A Lesson In History: The Death Of The Sound Card
You can trace the evolution of the gaming sound card from the PC speaker to the Tandy 1000, Disney Sound Source, Sound Blaster, Sound Blaster Pro, Pro Audio Spectrum 16, Gravis Ultrasound, Monster Sound PCI, the whole Aureal/Sensaura/EAX era, and finally today, where the majority of gamers do well enough relying on integrated motherboard audio.
Early on, the PC speaker was only capable of very simple beeps and tones in-game (except for the rare title with speech synthesis produced purely via the CPU). Creative's Sound Blaster brought us into the modern era with 8-bit, 22kHz, monaural audio. Next came the SB Pro with stereo audio, and then came the PAS16, which brought CD-quality audio (and a beefy amplifier, actually) to the mainstream PC.
It was finally the Gravis Ultrasound that brought wavetable MIDI synthesis to the masses. With each product generation, new technology brought measurable and noticeable benefits to consumer. Things sounded better. By the end of the DOS era, you were no longer seeing the dramatic quality improvements that had happened over the years in the past.
The introduction of 3D and surround audio in PCs brought a brief but intense era of competition where Aureal, Sensaura, and Creative Labs/EAX fought for dominance. But with today's powerful CPUs, offloading the audio workload is no longer a major issue.
The percentage of total computational power required for audio processing is negligible and when it comes to quality itself; most sound cards are good enough. Though there is a small market for ASIO-capable professional recording devices, the facts speak for themselves. Sales of Creative Labs sound cards in 2008 were 12% lower than those in 2007, sales in 2007 were 22% lower than those in 2006, sales in 2006 were 12% lower than 2005, sales in 2005 were 18% lower than 2004, sales in 2004 were 14% lower than those in 2003, sales in 2003 were 34% lower than 2002, and sales in 2002 were 30% lower than 2001, which itself was 2% lower than 2000.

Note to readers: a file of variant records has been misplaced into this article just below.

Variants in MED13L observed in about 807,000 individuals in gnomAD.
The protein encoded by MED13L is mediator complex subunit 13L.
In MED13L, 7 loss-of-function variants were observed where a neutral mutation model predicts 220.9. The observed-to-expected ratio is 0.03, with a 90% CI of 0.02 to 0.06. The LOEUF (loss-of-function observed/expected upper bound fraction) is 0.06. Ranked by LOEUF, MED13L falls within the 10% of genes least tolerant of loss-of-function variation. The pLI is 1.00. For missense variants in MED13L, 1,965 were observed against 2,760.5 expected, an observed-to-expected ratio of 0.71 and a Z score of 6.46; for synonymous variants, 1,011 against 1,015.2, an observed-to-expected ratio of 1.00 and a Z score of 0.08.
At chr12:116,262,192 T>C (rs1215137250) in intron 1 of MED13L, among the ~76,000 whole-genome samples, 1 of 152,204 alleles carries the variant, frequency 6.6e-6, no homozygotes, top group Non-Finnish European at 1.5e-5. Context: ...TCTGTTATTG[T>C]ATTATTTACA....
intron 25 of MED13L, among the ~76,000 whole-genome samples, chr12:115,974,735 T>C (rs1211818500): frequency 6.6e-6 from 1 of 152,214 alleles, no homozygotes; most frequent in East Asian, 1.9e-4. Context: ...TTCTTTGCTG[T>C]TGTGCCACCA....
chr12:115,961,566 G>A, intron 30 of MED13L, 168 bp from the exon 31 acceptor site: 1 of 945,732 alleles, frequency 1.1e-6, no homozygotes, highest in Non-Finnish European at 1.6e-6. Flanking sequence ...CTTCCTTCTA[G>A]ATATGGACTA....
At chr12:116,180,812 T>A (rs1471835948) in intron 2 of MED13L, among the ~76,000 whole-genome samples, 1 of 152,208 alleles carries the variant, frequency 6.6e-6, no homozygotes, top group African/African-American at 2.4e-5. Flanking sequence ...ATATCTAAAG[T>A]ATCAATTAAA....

Do the math and you realize that from 2000 to 2007, the sound card market collapsed by 80% over seven years. The recent stock market crash? That was only a 53% drop during the worst of it, and a 25% drop at current values.
Audiophiles can argue over the subtle nuances that one DAC has over another in terms of musicality or noise floor, and point to the increasing popularity of HDD-based music servers as proof that PC audio has the potential to offer reference-quality audio. While I don't disagree, the majority of games and consumer applications already sound great with today's sound cards because the software isn't designed to take advantage of high-resolution audio.
No game developer is going to take the time and money to properly record, mix, master, and distribute a soundtrack in 24-bit/96 kHz. In fact, many Hollywood films today are done at 24-bit/48 kHz. For the software developer, the money is better spent on adding new levels or artwork to a game, and the computational horsepower better put into graphics or physics.
Gamers that want better audio from their computer are better off spending an extra $100 on speakers than a sound card. This is because speaker technology advances more slowly than the rest of technology industry. My DeLorean-era Magnepan MG-IIIs, powered by a pair of Adcom GFA-555 IIs, are still commandingly better than anything you can buy at Best Buy (including what’s available in Magnolia AV mini-stores).
When it comes to PC audio, my recommendation really hasn't changed since 1999: get a Klipsch ProMedia setup. Those speakers paired with integrated motherboard audio give you the sweet spot in performance-per-dollar, whether you're talking games or music. If you're looking for something better than that, skip the computer audio market altogether and go with a dedicated receiver and home theater/hi-fi speakers.
The sound card market died once:
- the technology reached the point of diminishing returns for both the consumer and content creator
- advances in semiconductor technology allowed that level of "inflection point" performance to reach a negligible commodity cost